88 Yuri Sinel'shchikov, "Nezakonnoe zaderzhanie," Zakonnost' [Lawfulness] (Moscow), no. 2, 1999, p. 9. 89 Human Rights Watch interview with Liubov' Korosteleva and Valentina Lutsyshina, Arkhangel'sk, July 20, 1998. 90 Article 239 of the Code of the RSFSR on Administrative Offenses states: Detention of a person on administrative charges, a body search or a search of a person's belongings, his means of transportation and confiscation of his belongings or documents are permissible in cases directly provided for in legislative acts of the U.S.S.R. and the R.S.F.S.R. in order to stop administrative offenses, when all other measures of pressure have been exhausted, to establish a person's identity, to write a report on an administrative offense, if this is obligatory, to ensure the timely and correct review of cases regarding administrative offenses or execution of such sentences. 91 Article 122 states: 1. The organ of investigation has the right to detain an individual, suspected of committing a crime for which the punishment could be imprisonment, only if one of the following criteria is met: 1) the individual is caught in the act of committing the crime, or immediately following; 2) witnesses, including victims, directly identify the individual as the one who committed the crime; 3) on the body of the suspect, on his clothing, in his possession, or in his place of residence, are found clear traces of the committed crime. 2. In the presence of other information that gives grounds to suspect the individual of committing the crime, he can be detained only when the individual has attempted to escape, he does not have a permanent place of residence, or the identity of the suspect has not been established. 3. In all cases of the detention of a person suspected of having committed a crime, the investigative agency is required to write a detention report indicating the grounds, motive, day and hour, year and month, place of detention, explanation of the suspect, time of writing of the detention report, and to report in writing to the procurator. The detention report is signed by its author, as well as the suspect. Within forty-eight hours from the moment of receiving the detention report, the procurator must give sanction for either taking of the person into custody, or his release. 92 Article 89 of the criminal procedure code states: 1. When there are sufficient grounds for believing that the accused would evade an inquiry, preliminary investigation or trial or will obstruct the establishment of the truth in a criminal case or will engage in criminal activity, as well as in order to ensure execution of a sentence, the person conducting the inquiry, the investigator, the prosecutor and the court may apply one of the following preventive measures in respect of the accused: a written undertaking not to leave a specified place; a personal guarantee or a guarantee by a public organization; detention in custody. 2. Bail shall be permitted as a preventive measure if sanctioned by a procurator or if a court so decides. 3. Army personnel, as a preventive measure, may be placed under supervision of the commanders of their respective units. 4. Should there be no grounds which necessitate a preventive measure the accused shall sign the statement pledging to appear upon summons and inform about change of residence. Article 90 of the criminal procedure code states: In exceptional cases a preventive measure may be applied to a person suspected of having committed a criminal offense even before a charge is brought against him. In such a case the charge shall be brought not later than ten days from the time of the application of the preventive measure. If no charge is brought within this period, the preventive measure shall be canceled. 93 According to Mikhail Pashkin of the Moscow police union, this obligation is contained in MVD internal regulations. Human Rights Watch interview, Moscow, February 25, 1999. 94 Article 48 of the constitution states that: 1. The right to receive qualified legal assistance shall be guaranteed to everyone. In cases provided for by law, legal assistance is provided free of charge. 2. Everyone who is detained, taken into custody or accused of committing a crime shall have the right to make use of the assistance of a lawyer from the moment he was detained, taken into custody or presented the accusation respectively. Article 51 of the constitution states: 1. No one is obliged to testify against himself, his spouse and close relatives, the range of which shall be defined by a federal law. 95 Police officers are almost never prosecuted for unlawfully detaining criminal suspects. According to Sinel'shchikov, this happens only in a few dozen cases per year. 96 Yuri Sinel'shchikov, "Nezakonnoe zaderzhanie," Zakonnost', no. 2, 1999, p. 8. 97 The Nizhnii Novgorod Society for Human Rights has closely monitored torture and ill-treatment in police lockups and other detention facilities for several years and issued several reports documenting dozens of torture cases in 1997 and 1998. See the organization's website for its reports on torture and other human rights problems: Igor Kaliapin has worked for the organization on criminal justice issues since 1993. 98 Human Rights Watch interview with Igor Kaliapin, Nizhnii Novgorod, October 17, 1997. 99 Human Rights Watch interview with Tatiana Popkova, Usol'e-Sibirskoe, Irkutsk province, April 8, 1998. 100 Human Rights Watch interview with Vladislav Seregin, Cheremkhovo, Irkutsk province, April 2, 1998. 101 Article 247(1) of the law on administrative offenses grants a person accused of an administrative offense the right to a lawyer only during the court hearing on the offense. A commentary to the code on administrative offenses (I.I. Veremeenko, I.G. Salishcheva, M.S. Studenikina, Kommentarii k Kodeksu RSFSR ob administrativnykh pravonarusheniiakh, Moscow 1998), however, notes that this provision no longer conforms to obligations under Russia's constitution, which grants everyone the right to an attorney from the moment of detention, regardless of the nature of the charge. The authors argue that detainees held for administrative offenses should now have access to a lawyer at any time during the proceedings against him. However, this is not yet established practice. 102 Human Rights Watch interview with Liubov' Korosteliova and Valentina Lutsyshina, Arkhangel'sk, July 20, 1998. 103 Human Rights Watch interview with Dmitrii El'sakov, Arkhangel'sk, July 21, 1998. 104 Human Rights Watch interview with Liubov' Korosteleva and Valentina Lutsyshina, Arkhangel'sk, July 20, 1998. 105 Human Rights Watch interview with Svetlana Samsonova, Moscow, August 6, 1998. 106 Human Rights Watch interview with Mikhail Sobolev, Ekaterinburg, August 11, 1997. 107 Human Rights Watch interview with Mr. Potanin, Ekaterinburg, August 8, 1997. 108 Otriad militsii osobogo naznacheniia (literally, Special Task Militia Force). 109 Human Rights Watch interview with Boris Botvinnik, Moscow, March 14, 1997. 110 Article 48(2) of the constitution. 111 Article 58 of the criminal procedure code. 112 Human Rights Watch telephone interview with Vladimir Fedorov, Moscow, June 8, 1999. "Vladimir Fedorov" is not the man's real name. 113 Article 51 of the constitution establishes the right not to testify against oneself. 114 Human Rights Watch interview with Igor Kaliapin, Niznhnii Novgorod Society for Human Rights, Nizhnii Novgorod, October 17, 1997. 115 Human Rights Watch interview with Andrei Kol'tsov, Cheremkhovo, Irkutsk province, April 2, 1998. 116 Human Rights Watch interview with the father of Andrei Potanin, Ekaterinburg, August 8, 1997. 117 Complaint submitted by Kirill Komlev to the procuracy in September 1996. 118 Human Rights Watch interview with Liubov' Shamberova, Nizhnii Novgorod, October 17, 1997. 119 Human Rights Watch interview with Boris Botvinnik, Moscow, March 14, 1997; telephone conversation with Boris Botvinnik, August 17, 1998. 120 Human Rights Watch interview with Il'ia Berlin, Arkhangel'sk, July 20, 1998. Lawyers' collegia are law offices. 121 Human Rights Watch interview with Igor Koliapin, Nizhnii Novgorod, October 17, 1997. 122 Ibid. 123 Human Rights Watch interview with Dmitrii El'sakov, Arkhangel'sk, July 21, 1998.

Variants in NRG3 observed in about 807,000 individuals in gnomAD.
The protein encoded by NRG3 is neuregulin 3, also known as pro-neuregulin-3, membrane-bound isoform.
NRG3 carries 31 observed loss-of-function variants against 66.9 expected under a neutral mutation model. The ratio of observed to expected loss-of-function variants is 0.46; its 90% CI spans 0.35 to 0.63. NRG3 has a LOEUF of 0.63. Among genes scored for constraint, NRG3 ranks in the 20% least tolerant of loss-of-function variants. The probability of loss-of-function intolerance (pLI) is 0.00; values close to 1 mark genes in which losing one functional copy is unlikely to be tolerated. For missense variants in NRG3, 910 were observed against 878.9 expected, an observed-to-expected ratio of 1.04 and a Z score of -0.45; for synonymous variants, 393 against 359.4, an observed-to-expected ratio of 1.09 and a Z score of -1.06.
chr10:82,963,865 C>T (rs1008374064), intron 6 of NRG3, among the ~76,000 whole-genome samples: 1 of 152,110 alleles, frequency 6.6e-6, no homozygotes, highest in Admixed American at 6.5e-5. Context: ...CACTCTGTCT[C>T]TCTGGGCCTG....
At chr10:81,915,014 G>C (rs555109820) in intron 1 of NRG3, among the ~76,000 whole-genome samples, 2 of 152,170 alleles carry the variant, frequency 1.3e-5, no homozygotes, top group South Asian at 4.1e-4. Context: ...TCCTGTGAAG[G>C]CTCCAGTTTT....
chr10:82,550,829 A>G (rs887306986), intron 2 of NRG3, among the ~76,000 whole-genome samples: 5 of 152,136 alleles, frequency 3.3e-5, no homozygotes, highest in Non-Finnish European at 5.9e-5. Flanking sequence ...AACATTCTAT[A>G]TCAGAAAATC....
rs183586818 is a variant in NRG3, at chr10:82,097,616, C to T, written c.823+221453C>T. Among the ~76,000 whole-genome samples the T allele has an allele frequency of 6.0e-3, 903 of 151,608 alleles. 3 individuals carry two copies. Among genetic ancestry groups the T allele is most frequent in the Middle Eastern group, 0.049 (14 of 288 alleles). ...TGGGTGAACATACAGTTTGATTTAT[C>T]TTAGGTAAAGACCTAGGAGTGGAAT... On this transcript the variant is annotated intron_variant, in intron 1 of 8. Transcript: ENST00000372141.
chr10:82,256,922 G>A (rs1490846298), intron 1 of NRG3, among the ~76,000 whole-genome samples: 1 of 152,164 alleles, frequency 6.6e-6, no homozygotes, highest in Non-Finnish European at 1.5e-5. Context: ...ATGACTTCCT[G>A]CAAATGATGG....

Previous PageTable Of ContentsNext Page